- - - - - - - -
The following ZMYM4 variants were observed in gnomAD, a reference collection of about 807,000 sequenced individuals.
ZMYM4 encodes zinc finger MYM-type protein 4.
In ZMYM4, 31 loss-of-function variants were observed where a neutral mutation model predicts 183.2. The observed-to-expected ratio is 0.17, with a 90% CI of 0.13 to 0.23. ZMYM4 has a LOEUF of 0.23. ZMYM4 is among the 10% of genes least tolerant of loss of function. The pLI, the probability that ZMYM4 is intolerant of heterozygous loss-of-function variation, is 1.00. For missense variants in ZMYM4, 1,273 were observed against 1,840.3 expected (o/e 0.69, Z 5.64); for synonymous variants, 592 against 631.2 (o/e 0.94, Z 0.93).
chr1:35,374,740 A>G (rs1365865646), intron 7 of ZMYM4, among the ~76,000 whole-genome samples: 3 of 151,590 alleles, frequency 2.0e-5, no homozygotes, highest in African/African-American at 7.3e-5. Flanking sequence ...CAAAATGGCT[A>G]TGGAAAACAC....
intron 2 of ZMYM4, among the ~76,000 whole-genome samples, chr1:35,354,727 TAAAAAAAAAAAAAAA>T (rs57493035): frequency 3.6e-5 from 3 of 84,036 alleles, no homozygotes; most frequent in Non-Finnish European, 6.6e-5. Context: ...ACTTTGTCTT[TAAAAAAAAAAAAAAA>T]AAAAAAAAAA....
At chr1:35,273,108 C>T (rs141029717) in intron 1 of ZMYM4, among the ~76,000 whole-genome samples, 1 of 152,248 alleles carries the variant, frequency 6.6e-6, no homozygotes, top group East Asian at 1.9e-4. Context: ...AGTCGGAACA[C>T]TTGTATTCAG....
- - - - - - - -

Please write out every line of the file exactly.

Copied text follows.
The following ZMYM4 variants were observed in gnomAD, a reference collection of about 807,000 sequenced individuals.
ZMYM4 encodes zinc finger MYM-type protein 4.
In ZMYM4, 31 loss-of-function variants were observed where a neutral mutation model predicts 183.2. The observed-to-expected ratio is 0.17, with a 90% CI of 0.13 to 0.23. ZMYM4 has a LOEUF of 0.23. ZMYM4 is among the 10% of genes least tolerant of loss of function. The pLI, the probability that ZMYM4 is intolerant of heterozygous loss-of-function variation, is 1.00. For missense variants in ZMYM4, 1,273 were observed against 1,840.3 expected (o/e 0.69, Z 5.64); for synonymous variants, 592 against 631.2 (o/e 0.94, Z 0.93).
chr1:35,374,740 A>G (rs1365865646), intron 7 of ZMYM4, among the ~76,000 whole-genome samples: 3 of 151,590 alleles, frequency 2.0e-5, no homozygotes, highest in African/African-American at 7.3e-5. Flanking sequence ...CAAAATGGCT[A>G]TGGAAAACAC....
intron 2 of ZMYM4, among the ~76,000 whole-genome samples, chr1:35,354,727 TAAAAAAAAAAAAAAA>T (rs57493035): frequency 3.6e-5 from 3 of 84,036 alleles, no homozygotes; most frequent in Non-Finnish European, 6.6e-5. Context: ...ACTTTGTCTT[TAAAAAAAAAAAAAAA>T]AAAAAAAAAA....
At chr1:35,273,108 C>T (rs141029717) in intron 1 of ZMYM4, among the ~76,000 whole-genome samples, 1 of 152,248 alleles carries the variant, frequency 6.6e-6, no homozygotes, top group East Asian at 1.9e-4. Context: ...AGTCGGAACA[C>T]TTGTATTCAG....